When it comes to keeping people out of the hospital, Florida didn't score so well on new scorecard that pits state health care systems against one another.
"The Commonwealth Fund" report gave Florida a rank of 45 out of 50 states, plus Washington D.C., when it came to the "Avoiding hospital use and cost" indicator. That's a drop of 13 points between 2012 and 2015.
The report's authors attribute this largely to Florida's refusal to expand Medicaid.
"I can't see in my data exactly how many people would have enrolled through Medicaid or not,"said the report's lead author David Radley. “But certainly Medicaid represents an important type of insurance coverage for lower income individuals in most states, and sure, if Florida expanded its Medicaid program up to the 138 percent of the federal poverty level. There's no question that more people in Florida would have been able to get health insurance through that expanded Medicaid program.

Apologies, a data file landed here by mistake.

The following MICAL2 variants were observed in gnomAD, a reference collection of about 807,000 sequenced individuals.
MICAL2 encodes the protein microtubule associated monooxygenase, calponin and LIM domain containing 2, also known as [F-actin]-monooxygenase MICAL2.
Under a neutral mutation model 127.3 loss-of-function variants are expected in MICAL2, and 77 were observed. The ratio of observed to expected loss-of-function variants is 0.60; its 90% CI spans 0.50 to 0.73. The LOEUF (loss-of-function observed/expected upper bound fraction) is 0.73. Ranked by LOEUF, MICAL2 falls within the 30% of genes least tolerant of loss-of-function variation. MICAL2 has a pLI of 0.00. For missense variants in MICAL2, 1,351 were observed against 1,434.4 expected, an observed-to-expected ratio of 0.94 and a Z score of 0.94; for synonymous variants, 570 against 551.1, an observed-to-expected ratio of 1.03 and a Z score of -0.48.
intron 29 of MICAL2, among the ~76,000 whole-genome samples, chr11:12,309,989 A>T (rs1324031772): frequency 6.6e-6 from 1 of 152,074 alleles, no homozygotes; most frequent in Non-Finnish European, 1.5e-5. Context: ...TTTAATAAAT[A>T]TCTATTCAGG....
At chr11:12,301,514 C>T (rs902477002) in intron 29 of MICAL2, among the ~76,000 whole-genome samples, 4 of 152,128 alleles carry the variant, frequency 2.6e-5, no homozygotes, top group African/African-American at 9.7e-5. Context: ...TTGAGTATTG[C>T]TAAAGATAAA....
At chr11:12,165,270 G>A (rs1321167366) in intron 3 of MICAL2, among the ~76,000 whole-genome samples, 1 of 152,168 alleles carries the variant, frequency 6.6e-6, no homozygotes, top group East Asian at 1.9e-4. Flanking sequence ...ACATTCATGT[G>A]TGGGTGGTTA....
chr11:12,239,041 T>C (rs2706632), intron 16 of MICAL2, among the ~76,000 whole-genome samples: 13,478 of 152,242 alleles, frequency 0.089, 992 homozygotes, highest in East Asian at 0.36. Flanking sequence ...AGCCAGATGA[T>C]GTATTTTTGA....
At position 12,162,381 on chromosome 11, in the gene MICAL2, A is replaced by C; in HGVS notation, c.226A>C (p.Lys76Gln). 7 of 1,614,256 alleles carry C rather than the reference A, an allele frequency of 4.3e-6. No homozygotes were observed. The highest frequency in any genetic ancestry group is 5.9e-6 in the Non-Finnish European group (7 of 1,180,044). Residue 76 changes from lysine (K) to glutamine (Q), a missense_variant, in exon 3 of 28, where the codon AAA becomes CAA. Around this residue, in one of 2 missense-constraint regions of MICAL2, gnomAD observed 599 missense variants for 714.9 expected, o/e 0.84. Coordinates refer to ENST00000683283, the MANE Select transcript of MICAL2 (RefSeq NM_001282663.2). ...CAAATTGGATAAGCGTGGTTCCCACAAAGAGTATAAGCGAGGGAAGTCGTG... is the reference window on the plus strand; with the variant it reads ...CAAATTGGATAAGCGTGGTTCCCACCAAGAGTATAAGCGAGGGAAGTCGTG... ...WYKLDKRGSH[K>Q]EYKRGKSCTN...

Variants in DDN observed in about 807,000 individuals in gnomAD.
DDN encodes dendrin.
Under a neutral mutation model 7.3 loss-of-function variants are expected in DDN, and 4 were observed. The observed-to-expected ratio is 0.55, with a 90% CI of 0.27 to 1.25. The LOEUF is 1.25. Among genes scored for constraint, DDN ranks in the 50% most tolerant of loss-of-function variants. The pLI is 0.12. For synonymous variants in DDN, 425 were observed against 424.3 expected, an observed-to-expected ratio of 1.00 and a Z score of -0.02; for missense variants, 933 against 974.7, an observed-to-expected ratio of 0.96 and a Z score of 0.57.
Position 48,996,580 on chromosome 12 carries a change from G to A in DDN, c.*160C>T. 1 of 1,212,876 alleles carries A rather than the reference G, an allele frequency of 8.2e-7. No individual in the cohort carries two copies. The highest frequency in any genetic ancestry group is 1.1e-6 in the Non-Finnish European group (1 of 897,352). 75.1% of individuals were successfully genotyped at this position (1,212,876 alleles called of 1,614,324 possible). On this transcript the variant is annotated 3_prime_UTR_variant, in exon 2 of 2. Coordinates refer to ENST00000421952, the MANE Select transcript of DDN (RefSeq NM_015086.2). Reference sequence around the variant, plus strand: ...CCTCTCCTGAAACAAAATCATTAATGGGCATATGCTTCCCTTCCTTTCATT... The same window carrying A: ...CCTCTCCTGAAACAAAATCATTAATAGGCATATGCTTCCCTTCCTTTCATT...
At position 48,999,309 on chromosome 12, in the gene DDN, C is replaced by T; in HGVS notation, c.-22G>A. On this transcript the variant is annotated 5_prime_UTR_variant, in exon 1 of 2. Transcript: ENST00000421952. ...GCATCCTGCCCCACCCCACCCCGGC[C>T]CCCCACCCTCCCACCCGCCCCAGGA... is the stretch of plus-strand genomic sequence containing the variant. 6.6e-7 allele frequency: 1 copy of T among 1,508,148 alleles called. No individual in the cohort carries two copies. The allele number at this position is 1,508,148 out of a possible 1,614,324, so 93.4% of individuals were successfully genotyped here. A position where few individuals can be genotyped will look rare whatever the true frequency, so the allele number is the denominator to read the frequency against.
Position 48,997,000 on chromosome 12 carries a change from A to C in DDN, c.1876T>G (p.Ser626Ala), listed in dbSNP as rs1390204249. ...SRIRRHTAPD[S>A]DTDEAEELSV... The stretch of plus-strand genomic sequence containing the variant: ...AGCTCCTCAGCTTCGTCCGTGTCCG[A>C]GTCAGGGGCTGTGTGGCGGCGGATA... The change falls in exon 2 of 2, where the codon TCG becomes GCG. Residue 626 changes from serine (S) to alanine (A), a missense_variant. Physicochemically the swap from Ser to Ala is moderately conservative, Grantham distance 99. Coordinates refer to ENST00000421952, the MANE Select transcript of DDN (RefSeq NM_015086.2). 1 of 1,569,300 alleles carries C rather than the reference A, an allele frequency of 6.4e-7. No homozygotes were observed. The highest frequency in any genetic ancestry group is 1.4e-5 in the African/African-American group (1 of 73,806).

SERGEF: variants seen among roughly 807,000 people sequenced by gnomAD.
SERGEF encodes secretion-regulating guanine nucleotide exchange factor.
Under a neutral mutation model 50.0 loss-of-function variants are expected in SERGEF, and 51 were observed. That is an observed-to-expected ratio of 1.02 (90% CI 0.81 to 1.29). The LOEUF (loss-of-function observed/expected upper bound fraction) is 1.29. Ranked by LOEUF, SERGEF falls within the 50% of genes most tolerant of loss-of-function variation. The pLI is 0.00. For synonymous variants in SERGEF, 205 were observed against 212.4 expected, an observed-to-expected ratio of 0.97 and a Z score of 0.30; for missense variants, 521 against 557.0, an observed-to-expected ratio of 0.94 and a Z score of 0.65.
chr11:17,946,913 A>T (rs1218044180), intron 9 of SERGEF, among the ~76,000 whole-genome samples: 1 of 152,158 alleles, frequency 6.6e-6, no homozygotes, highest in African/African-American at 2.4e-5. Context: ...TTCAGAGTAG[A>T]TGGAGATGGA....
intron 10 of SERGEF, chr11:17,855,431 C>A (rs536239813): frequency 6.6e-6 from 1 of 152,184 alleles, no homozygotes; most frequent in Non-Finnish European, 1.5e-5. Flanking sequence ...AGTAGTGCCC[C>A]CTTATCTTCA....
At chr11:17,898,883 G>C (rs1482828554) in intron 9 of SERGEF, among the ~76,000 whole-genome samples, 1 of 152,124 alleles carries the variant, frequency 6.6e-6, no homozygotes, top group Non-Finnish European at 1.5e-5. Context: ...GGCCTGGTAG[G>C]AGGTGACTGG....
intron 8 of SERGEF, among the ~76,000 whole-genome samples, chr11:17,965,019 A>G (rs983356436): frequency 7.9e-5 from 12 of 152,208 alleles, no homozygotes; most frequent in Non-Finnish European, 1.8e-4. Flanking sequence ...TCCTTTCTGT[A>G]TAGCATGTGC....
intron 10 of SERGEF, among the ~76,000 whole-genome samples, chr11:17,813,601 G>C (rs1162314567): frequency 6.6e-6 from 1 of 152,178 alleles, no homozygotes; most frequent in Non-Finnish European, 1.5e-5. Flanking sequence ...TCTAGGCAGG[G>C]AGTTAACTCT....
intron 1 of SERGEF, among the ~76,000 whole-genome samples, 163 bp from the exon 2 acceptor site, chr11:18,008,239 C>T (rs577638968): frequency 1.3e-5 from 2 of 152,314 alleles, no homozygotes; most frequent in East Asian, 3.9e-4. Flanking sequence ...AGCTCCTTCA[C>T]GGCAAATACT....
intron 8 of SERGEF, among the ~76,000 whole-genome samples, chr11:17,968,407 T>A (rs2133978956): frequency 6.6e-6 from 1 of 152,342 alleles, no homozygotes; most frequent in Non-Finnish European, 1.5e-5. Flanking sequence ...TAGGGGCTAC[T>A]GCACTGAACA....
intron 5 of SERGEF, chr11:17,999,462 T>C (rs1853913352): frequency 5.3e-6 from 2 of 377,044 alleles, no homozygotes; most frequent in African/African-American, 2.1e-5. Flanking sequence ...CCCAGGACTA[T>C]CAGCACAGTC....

The state scored a 39 overall.
"“We look at health system performance for all the states," Radley said. "We compare health system performance across all states and we do it in a very broad way. we look at access and affordability. We look at health care quality. we look at health care efficiency and health outcomes. And our goal really is to just provide data back to states on how well they're doing to help them set benchmarks, help them understand places where they have opportunities to improve.
Read the full report here.